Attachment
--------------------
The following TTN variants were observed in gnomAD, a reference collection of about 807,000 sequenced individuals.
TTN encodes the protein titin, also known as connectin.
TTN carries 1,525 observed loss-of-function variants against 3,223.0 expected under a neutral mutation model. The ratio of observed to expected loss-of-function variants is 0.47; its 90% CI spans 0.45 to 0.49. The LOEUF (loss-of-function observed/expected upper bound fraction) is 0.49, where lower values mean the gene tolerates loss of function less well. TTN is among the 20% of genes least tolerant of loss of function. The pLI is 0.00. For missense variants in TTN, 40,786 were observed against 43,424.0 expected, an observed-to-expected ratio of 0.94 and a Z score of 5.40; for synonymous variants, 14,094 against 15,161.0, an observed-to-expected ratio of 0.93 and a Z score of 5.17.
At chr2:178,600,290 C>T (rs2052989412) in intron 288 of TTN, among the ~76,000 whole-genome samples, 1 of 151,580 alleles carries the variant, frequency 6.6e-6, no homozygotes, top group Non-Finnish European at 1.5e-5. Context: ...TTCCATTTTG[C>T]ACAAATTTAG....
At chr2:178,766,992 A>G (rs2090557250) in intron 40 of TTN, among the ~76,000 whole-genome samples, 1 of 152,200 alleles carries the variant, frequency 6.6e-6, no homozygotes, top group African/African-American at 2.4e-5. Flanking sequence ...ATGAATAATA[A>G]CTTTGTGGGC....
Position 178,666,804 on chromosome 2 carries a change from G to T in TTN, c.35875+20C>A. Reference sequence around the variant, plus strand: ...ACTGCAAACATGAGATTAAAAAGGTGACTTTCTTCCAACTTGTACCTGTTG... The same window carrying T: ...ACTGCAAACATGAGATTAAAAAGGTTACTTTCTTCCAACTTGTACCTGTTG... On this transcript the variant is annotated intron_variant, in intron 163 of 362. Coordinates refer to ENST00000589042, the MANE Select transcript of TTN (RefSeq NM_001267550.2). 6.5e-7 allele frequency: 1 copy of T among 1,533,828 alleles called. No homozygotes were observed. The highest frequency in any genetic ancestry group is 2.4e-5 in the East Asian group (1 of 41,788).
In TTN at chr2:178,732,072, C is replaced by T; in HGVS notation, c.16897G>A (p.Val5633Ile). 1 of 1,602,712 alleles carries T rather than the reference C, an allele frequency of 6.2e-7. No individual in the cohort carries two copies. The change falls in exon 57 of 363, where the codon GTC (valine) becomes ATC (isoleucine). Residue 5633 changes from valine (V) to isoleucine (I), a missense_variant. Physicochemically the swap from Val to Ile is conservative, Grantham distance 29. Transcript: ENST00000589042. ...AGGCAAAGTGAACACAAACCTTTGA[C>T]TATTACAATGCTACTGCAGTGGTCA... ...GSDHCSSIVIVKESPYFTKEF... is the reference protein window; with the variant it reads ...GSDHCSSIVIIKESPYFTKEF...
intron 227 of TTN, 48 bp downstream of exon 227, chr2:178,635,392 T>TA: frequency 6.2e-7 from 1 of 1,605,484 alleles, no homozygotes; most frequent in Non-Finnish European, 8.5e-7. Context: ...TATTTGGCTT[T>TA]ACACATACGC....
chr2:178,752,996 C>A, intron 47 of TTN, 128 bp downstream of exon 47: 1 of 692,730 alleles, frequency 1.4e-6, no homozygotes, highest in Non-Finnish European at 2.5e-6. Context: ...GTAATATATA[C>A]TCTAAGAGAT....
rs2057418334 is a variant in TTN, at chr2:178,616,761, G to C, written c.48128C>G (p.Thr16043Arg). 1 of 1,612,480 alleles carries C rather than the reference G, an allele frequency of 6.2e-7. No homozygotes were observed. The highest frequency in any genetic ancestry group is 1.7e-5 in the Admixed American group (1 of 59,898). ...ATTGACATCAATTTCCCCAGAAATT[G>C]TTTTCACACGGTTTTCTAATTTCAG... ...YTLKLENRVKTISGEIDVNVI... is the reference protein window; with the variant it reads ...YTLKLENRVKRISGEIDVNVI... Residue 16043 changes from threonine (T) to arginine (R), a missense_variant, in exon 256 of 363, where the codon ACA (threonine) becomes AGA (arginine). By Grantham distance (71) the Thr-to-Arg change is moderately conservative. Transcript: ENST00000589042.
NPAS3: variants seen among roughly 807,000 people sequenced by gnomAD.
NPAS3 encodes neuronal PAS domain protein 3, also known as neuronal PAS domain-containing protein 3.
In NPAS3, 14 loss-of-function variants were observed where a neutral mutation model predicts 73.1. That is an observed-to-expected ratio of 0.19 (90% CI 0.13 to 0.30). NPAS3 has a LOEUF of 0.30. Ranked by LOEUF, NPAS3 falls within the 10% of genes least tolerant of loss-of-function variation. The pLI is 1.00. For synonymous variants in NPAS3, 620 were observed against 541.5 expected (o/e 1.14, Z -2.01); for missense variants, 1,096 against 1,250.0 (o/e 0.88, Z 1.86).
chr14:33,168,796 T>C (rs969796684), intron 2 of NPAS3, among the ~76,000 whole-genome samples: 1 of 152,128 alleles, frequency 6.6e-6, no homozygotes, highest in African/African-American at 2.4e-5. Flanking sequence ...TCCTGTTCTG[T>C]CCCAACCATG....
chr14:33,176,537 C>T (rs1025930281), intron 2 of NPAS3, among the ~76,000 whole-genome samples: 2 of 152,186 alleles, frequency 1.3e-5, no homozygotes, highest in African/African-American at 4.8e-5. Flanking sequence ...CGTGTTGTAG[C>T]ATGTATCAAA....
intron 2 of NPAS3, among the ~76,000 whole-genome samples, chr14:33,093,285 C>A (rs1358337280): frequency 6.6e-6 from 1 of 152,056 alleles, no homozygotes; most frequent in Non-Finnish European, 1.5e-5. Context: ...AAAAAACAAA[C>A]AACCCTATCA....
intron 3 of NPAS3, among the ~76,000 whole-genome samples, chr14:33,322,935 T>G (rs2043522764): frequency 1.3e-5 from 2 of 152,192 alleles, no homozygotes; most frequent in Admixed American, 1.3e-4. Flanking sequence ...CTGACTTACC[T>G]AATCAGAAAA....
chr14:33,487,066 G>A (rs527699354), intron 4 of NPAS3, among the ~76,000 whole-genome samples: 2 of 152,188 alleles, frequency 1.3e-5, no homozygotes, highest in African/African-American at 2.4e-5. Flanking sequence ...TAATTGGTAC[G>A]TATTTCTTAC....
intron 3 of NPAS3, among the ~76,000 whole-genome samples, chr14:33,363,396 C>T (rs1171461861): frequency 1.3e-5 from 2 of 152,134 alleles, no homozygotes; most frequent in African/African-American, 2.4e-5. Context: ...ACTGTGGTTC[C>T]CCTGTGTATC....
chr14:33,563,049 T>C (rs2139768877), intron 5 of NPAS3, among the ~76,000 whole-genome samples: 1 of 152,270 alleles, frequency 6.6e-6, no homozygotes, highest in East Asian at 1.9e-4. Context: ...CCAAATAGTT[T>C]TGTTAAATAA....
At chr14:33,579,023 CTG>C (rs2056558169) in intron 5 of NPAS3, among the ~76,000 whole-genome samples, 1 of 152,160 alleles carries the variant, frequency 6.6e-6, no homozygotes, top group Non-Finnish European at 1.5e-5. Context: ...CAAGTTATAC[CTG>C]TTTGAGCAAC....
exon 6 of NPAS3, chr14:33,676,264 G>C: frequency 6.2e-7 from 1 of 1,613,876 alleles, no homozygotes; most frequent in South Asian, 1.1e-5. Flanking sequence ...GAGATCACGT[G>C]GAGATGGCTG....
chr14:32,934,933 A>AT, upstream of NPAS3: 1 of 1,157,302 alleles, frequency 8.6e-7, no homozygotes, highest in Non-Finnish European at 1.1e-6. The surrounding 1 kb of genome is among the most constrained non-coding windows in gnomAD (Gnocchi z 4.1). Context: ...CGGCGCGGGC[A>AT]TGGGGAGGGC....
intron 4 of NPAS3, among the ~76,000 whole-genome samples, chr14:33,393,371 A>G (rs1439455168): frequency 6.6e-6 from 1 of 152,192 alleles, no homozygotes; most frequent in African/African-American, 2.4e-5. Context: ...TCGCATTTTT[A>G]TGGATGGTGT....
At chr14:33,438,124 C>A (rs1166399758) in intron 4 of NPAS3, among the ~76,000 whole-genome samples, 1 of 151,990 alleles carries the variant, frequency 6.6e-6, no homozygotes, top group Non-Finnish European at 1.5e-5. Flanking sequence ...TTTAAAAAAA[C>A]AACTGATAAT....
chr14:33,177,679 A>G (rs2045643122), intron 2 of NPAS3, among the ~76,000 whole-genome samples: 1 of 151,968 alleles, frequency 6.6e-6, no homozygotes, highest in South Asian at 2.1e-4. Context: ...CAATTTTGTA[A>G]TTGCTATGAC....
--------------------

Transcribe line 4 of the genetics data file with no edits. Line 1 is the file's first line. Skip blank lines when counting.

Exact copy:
At chr2:178,600,290 C>T (rs2052989412) in intron 288 of TTN, among the ~76,000 whole-genome samples, 1 of 151,580 alleles carries the variant, frequency 6.6e-6, no homozygotes, top group Non-Finnish European at 1.5e-5. Context: ...TTCCATTTTG[C>T]ACAAATTTAG....